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Is level 13 on the beep test good?

The beep test, also known as the PACER test or multi-stage fitness test, is a common assessment used to measure aerobic fitness and cardiovascular endurance. It involves running back and forth between two points that are 20 meters apart, keeping pace with a series of beeps that get faster each minute. The test continues until the participant can no longer keep up with the beeps.

The beep test is scored based on the level and number of shuttles (laps) completed before failing to keep pace. Each level consists of several shuttle runs at the same speed. As the test progresses, the time between beeps gets shorter, requiring participants to speed up. Reaching level 13 on the beep test is considered a good benchmark of fitness for many people. However, whether or not level 13 is considered “good” depends on several factors.

What score is level 13 on the beep test?

The beep test uses a scoring system that combines the level and number of shuttles achieved. Here is how level 13 translates into an overall score:

Level Shuttles Score
13 1 13.1
13 2 13.2
13 3 13.3
13 4 13.4
13 5 13.5
13 6 13.6
13 7 13.7
13 8 13.8
13 9 13.9

So reaching level 13 means achieving a score between 13.1 and 13.9. The maximum score at level 13 is 13.9.

Is level 13 a good score?

Whether or not level 13 on the beep test is considered a good score depends on a few factors:

  • Age and gender – Standards are different for men vs. women and vary by age group. A 13 for a 50 year old is impressive, while a 13 for a 15 year old male may be average.
  • Fitness goals – Competitive athletes will have higher expectations than general fitness enthusiasts. Level 13 may be excellent for a casual runner but mediocre for a soccer player.
  • Improvement – Going from a 10 to a 13 shows great progression, while going from a 15 to a 13 may be a sign of decline in conditioning.
  • Effort level – Maxing out at 13 while giving full effort is admirable, while hitting 13 but barely trying demonstrates less fitness.

Some general benchmarks for whether level 13 is a good score:

Category Level 13 Assessment
Children/Teens Average
Young Adults Good
Middle-Aged Adults Excellent
Seniors Exceptional
Recreational Athletes Above Average
Competitive Athletes Average to Good

As shown, level 13 is generally considered an excellent score for middle-aged or older adults. For young adults and athletes it is good or above average. For teenagers and children it may represent an average fitness level compared to peers.

Beep test standards by age and gender

Official fitness standards for the beep test vary around the world. But most standards classify results into categories like poor, average, good, excellent, and superior based on age and gender norms.

Here are two examples of beep test standards:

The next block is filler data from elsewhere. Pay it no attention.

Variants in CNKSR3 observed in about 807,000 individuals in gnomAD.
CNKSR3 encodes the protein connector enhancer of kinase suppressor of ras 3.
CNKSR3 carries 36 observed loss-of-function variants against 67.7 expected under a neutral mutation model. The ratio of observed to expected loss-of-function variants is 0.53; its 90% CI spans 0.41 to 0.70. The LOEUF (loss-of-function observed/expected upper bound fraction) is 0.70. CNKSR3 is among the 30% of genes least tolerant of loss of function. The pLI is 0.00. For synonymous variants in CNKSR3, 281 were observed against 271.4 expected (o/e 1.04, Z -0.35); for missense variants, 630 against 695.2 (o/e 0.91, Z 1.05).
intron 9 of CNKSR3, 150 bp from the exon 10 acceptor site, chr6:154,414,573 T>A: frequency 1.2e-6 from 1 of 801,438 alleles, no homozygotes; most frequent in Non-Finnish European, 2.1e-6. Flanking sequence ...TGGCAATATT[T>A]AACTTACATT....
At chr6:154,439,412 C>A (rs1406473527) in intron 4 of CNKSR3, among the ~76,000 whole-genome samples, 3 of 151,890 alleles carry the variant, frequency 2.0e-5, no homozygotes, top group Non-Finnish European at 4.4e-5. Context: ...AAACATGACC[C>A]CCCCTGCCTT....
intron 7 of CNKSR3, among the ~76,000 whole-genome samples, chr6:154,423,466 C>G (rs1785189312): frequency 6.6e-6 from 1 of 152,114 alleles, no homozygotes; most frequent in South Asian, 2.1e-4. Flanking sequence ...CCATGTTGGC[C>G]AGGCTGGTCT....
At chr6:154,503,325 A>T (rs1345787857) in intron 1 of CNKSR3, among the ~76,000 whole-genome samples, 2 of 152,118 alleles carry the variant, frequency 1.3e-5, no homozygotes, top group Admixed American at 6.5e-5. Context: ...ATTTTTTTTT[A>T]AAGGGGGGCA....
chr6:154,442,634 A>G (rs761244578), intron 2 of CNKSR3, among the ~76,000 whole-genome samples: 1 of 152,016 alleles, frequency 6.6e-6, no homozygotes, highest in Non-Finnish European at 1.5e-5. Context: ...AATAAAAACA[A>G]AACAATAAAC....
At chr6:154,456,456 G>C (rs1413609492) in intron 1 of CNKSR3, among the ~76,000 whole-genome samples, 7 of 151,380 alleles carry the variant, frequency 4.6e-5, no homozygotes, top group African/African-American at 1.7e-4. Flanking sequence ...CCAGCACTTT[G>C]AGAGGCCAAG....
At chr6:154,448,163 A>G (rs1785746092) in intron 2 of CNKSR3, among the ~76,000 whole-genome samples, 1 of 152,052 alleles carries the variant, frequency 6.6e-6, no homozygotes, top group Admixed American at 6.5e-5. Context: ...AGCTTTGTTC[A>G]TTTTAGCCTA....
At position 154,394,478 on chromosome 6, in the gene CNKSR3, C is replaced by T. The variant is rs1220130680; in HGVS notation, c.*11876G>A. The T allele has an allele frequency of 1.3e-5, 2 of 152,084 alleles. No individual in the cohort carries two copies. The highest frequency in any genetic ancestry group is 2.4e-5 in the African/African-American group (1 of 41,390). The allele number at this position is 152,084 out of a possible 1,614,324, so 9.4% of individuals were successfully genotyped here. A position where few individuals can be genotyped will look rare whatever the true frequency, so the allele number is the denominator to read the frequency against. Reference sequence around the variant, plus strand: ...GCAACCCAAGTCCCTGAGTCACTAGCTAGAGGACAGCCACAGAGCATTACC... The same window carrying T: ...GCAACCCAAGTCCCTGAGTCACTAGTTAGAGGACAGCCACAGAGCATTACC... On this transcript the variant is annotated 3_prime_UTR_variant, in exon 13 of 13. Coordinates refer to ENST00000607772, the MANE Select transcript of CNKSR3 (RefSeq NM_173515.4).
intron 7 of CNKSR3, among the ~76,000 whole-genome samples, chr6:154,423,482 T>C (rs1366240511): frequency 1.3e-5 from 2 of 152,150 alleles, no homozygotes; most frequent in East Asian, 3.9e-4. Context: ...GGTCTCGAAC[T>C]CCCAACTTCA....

Australia Institute of Sport Standards

Age Group Gender Poor Average Good Excellent Superior
20-29 Male <10.1 10.1-11.6 11.7-13.3 13.4-15.0 >15.0
20-29 Female <6.7 6.7-8.4 8.5-10.1 10.2-12.0 >12.0
30-39 Male <8.8 8.8-10.5 10.6-12.3 12.4-14.1 >14.1
30-39 Female <5.6 5.6-7.8 7.9-10.0 10.1-12.2 >12.2

Fitness Canada Standards

Age Group Gender Needs Improvement Fair Good Excellent
13-19 Male <10 10-12 13-15 >15
13-19 Female <5 5-7 8-10 >10
20-29 Male <10 10-12 13-15 >15
20-29 Female <6 6-8 9-11 >11

Based on these standards, a score of level 13 would generally fall in the “good” or “excellent” categories, confirming it as a solid score for most adults. Teenagers and younger athletes may be seeking levels in the superior or excellent ranges.

Tips for improving your beep test score

Here are some tips if your goal is to reach level 13 or higher on the beep test:

  • Engage in regular cardio training – Running, cycling, swimming etc. will build cardiovascular endurance.
  • Do interval training – Mix high intensity intervals with rest periods to mimic the beep test format.
  • Increase running speed and distance – Slowly build up speed and distance running to prepare.
  • Lose excess body weight – Carrying extra weight makes running harder.
  • Get adequate rest and recovery – Don’t overdo training and allow downtime between hard efforts.
  • Properly fuel and hydrate – Eat a diet high in healthy carbs and drink plenty of fluids.
  • Use a pacing strategy – Start conservatively and gradually increase speed vs. sprinting too hard early.
  • Practice frequently – Take practice beep tests to improve technique and mental readiness.
  • Train anaerobic system – The final levels require tapping into fast-twitch muscle fibers.
  • Improve running economy – Focus on form, posture, arm drive, and relaxation.

Following an organized training regimen tailored to the beep test can help maximize scores for those seeking to hit level 13 and beyond. Having realistic goals for age and fitness level is also key. For some, reaching level 10 would be a major accomplishment. Consistency and effort over time will lead to beep test improvement.


In summary, achieving level 13 on the beep test represents a good level of fitness for most adults. For teens and young adults it is considered decent, while athletes may view it as more average. Official standards rate level 13 as good, excellent, or superior depending on gender and age. With the right training and effort over time, improving from lower levels up to 13 and beyond is certainly achievable for most people. While a challenging cardio test, the beep test is a motivational goal that promotes building cardiovascular endurance and speed.